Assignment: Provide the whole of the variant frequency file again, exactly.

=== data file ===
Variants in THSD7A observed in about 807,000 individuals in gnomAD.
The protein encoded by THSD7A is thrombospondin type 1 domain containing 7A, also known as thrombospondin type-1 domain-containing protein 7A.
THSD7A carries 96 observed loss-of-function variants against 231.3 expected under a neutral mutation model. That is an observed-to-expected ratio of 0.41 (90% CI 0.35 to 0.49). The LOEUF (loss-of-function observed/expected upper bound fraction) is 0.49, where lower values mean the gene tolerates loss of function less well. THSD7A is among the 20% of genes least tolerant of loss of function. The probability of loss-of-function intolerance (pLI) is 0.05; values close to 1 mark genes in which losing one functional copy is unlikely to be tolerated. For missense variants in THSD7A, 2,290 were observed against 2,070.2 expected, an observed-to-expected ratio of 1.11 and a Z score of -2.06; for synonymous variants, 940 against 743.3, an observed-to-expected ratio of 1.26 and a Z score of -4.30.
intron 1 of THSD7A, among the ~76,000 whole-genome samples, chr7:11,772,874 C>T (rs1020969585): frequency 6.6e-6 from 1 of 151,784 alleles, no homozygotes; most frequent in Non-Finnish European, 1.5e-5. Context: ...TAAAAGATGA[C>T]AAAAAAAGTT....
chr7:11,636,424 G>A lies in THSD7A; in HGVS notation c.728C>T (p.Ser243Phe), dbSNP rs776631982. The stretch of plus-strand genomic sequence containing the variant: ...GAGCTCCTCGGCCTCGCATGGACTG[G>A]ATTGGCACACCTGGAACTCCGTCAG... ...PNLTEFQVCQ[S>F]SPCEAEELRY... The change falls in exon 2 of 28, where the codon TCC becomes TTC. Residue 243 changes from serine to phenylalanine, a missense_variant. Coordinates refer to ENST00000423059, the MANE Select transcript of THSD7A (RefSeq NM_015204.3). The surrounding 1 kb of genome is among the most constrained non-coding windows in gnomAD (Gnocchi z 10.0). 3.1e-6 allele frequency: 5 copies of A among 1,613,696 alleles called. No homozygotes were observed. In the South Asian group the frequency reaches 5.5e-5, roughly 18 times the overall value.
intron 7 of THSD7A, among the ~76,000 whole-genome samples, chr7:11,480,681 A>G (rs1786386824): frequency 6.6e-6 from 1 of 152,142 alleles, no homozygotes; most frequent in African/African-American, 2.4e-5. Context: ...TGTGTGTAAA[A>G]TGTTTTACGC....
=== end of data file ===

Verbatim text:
Variants in THSD7A observed in about 807,000 individuals in gnomAD.
The protein encoded by THSD7A is thrombospondin type 1 domain containing 7A, also known as thrombospondin type-1 domain-containing protein 7A.
THSD7A carries 96 observed loss-of-function variants against 231.3 expected under a neutral mutation model. That is an observed-to-expected ratio of 0.41 (90% CI 0.35 to 0.49). The LOEUF (loss-of-function observed/expected upper bound fraction) is 0.49, where lower values mean the gene tolerates loss of function less well. THSD7A is among the 20% of genes least tolerant of loss of function. The probability of loss-of-function intolerance (pLI) is 0.05; values close to 1 mark genes in which losing one functional copy is unlikely to be tolerated. For missense variants in THSD7A, 2,290 were observed against 2,070.2 expected, an observed-to-expected ratio of 1.11 and a Z score of -2.06; for synonymous variants, 940 against 743.3, an observed-to-expected ratio of 1.26 and a Z score of -4.30.
intron 1 of THSD7A, among the ~76,000 whole-genome samples, chr7:11,772,874 C>T (rs1020969585): frequency 6.6e-6 from 1 of 151,784 alleles, no homozygotes; most frequent in Non-Finnish European, 1.5e-5. Context: ...TAAAAGATGA[C>T]AAAAAAAGTT....
chr7:11,636,424 G>A lies in THSD7A; in HGVS notation c.728C>T (p.Ser243Phe), dbSNP rs776631982. The stretch of plus-strand genomic sequence containing the variant: ...GAGCTCCTCGGCCTCGCATGGACTG[G>A]ATTGGCACACCTGGAACTCCGTCAG... ...PNLTEFQVCQ[S>F]SPCEAEELRY... The change falls in exon 2 of 28, where the codon TCC becomes TTC. Residue 243 changes from serine to phenylalanine, a missense_variant. Coordinates refer to ENST00000423059, the MANE Select transcript of THSD7A (RefSeq NM_015204.3). The surrounding 1 kb of genome is among the most constrained non-coding windows in gnomAD (Gnocchi z 10.0). 3.1e-6 allele frequency: 5 copies of A among 1,613,696 alleles called. No homozygotes were observed. In the South Asian group the frequency reaches 5.5e-5, roughly 18 times the overall value.
intron 7 of THSD7A, among the ~76,000 whole-genome samples, chr7:11,480,681 A>G (rs1786386824): frequency 6.6e-6 from 1 of 152,142 alleles, no homozygotes; most frequent in African/African-American, 2.4e-5. Context: ...TGTGTGTAAA[A>G]TGTTTTACGC....